By Jim Owczarski Sports Editor Published May 07, 2014 at 10:56 AM Photography: Jim Owczarski

Over the weekend, I spent four great days in Memphis, Tenn., in part to take in the 2014 Beale Street Music Festival. I had a great time in the city, but it reinforced just how special Summerfest is as a music event.

On a cultural level, Milwaukee can't match Memphis in a few ways. We can't match the history of the blues, soul and rock and roll that Sun City and Stax Records have. The National Civil Rights Museum at the Lorraine Hotel, where Martin Luther King, Jr. was murdered, is moving. There is nothing like Graceland.

And of course, there isn't anything like Memphis barbecue here.

But when it comes to festivals, the Beale Street event made me (once again) realize how good we have it here in Milwaukee at Summerfest.

General admission tickets are three to four times cheaper at the Big Gig. While there are no secondary stages that require special ticketing, like the BMO Harris Pavilion and the Marcus Amphitheater, the grounds were small and contained three "big" stages with only one additional "blues" stage.

Like Summerfest, the organizers at Beale Street booked a diverse lineup, ranging from Snoop Lion to Kid Rock to Patti LaBelle to Pretty Lights to Anthrax and a group called The String Cheese Incident.

But, the event was contained to the evening and into the late night (though I did appreciate the ability to stay real late with some acts opening up after midnight on Friday and Saturday). A friend we traveled with remembered her first trip to Beale Street when it rained for three days, which got messy on the grass-covered grounds. So, having a paved surface to walk around here is an underrated amenity.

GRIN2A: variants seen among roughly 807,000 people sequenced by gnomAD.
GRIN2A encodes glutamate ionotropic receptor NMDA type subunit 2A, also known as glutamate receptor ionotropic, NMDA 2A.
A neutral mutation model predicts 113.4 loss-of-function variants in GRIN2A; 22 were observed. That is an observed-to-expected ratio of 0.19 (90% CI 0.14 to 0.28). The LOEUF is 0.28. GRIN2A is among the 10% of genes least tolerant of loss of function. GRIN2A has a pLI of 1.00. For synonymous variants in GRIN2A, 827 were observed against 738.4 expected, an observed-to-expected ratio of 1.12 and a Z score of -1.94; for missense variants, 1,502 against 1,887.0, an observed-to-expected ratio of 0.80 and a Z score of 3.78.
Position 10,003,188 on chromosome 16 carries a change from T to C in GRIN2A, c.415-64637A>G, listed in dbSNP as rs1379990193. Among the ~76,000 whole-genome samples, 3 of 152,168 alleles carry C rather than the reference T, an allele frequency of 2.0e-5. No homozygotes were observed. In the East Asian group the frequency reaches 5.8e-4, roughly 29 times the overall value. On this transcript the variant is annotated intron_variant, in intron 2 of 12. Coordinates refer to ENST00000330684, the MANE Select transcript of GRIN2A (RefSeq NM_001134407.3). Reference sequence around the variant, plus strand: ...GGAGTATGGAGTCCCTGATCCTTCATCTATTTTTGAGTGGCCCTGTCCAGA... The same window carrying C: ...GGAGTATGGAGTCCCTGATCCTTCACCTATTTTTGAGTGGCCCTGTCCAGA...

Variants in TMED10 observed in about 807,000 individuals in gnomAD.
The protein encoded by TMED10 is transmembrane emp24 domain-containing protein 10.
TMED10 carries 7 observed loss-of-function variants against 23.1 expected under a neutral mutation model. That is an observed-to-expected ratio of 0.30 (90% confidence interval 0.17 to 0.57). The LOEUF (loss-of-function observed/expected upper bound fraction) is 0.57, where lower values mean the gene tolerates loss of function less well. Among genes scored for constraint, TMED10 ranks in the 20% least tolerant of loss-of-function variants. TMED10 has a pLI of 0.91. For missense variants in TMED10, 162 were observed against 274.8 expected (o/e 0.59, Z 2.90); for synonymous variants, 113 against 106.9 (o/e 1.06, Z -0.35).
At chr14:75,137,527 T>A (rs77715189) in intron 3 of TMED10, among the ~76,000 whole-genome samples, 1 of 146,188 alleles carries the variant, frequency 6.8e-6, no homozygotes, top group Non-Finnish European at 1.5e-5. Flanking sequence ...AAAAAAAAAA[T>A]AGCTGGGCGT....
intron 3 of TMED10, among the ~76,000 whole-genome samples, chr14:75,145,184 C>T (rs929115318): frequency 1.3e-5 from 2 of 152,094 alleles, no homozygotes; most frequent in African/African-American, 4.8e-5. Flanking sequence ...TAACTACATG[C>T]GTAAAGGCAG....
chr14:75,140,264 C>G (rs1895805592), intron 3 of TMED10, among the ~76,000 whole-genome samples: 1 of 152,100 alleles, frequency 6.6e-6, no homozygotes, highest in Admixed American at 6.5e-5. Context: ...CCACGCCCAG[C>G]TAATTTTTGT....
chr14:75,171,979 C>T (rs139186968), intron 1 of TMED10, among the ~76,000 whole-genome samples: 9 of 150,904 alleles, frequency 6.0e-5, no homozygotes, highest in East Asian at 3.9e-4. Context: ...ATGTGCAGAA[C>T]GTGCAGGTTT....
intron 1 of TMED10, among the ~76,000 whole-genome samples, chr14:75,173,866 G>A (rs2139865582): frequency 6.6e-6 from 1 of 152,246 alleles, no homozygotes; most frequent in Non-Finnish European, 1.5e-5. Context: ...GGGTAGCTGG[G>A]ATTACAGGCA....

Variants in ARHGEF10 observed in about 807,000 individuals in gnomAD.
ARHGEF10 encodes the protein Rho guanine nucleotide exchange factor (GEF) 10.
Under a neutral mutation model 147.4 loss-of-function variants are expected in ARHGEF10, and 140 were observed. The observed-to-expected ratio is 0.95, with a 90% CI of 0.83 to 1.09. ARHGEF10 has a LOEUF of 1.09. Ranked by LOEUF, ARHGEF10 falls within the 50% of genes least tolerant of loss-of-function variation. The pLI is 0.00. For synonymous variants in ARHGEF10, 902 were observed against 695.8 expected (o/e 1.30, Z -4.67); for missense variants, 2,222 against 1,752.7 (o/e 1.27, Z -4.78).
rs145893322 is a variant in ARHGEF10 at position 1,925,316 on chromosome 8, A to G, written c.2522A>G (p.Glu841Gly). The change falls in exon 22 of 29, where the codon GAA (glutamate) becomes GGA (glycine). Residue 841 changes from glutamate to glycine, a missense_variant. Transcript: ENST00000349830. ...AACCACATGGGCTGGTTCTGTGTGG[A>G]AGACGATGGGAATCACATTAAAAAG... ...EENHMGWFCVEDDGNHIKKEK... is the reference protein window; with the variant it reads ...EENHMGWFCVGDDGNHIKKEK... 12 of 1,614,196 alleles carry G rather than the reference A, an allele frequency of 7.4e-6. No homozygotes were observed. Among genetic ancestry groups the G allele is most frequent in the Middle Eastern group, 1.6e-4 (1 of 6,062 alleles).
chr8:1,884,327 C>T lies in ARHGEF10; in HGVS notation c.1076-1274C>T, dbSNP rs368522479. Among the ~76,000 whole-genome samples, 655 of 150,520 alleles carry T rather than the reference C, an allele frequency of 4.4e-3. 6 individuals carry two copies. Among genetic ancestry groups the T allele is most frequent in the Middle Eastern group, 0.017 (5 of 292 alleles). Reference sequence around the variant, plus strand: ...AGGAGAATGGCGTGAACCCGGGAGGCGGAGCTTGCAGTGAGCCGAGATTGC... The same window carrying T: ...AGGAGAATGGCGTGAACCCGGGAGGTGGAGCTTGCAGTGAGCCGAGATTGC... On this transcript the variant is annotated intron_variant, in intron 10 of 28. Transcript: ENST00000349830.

While the food was good (and there were several vegetarian options), someone who's been to Summerfest for eight years gets kind of spoiled with all of the food stands on the grounds, not to mention bathrooms that aren't portable.

One thing that did stand out was the lack of violence in the crowd. Not a year goes by that I haven't seen at least one nasty fistfight (or worse) at Summerfest, and no such tempers flared in Memphis.

Even post-festival on Beale Street, which is closed off to vehicles, people got along fabulously as they were allowed to spill out of the bars with their cocktails (now, your ID was checked to get onto the street and you were wanded). It was a great, incredibly diverse, scene of people milling around and enjoying the warm weather and cold beverages: it was like a hulked out Water Street.

The downtown area around Beale Street could be a good example for some in Milwaukee to look at. It cost us $10 to park in one of the many garages just a few blocks from the festival, and then the $2 (round trip, if needed) streetcar was incredibly convenient to use once the legs got tired. The arena where the Memphis Grizzlies play was around the corner from the fun of Beale Street.

It was a great experience all around. I not only recommend going to experience it all yourself, but I'd go back and do it again. That said, it'll also throw into sharper focus how good we have it here on the lakefront during those 11 days in the summer.

Jim Owczarski is an award-winning sports journalist and comes to Milwaukee by way of the Chicago Sun-Times Media Network.

A three-year Wisconsin resident who has considered Milwaukee a second home for the better part of seven years, he brings to the market experience covering nearly all major and college sports.

To this point in his career, he has been awarded six national Associated Press Sports Editors awards for investigative reporting, feature writing, breaking news and projects. He is also a four-time nominee for the prestigious Peter J. Lisagor Awards for Exemplary Journalism, presented by the Chicago Headline Club, and is a two-time winner for Best Sports Story. He has also won numerous other Illinois Press Association, Illinois Associated Press and Northern Illinois Newspaper Association awards.

Jim's career started in earnest as a North Central College (Naperville, Ill.) senior in 2002 when he received a Richter Fellowship to cover the Chicago White Sox in spring training. He was hired by the Naperville Sun in 2003 and moved on to the Aurora Beacon News in 2007 before joining

In that time, he has covered the events, news and personalities that make up the PGA Tour, LPGA Tour, Major League Baseball, the National Football League, the National Hockey League, NCAA football, baseball and men's and women's basketball as well as boxing, mixed martial arts and various U.S. Olympic teams.

Golf aficionados who venture into Illinois have also read Jim in GOLF Chicago Magazine as well as the Chicago District Golfer and Illinois Golfer magazines.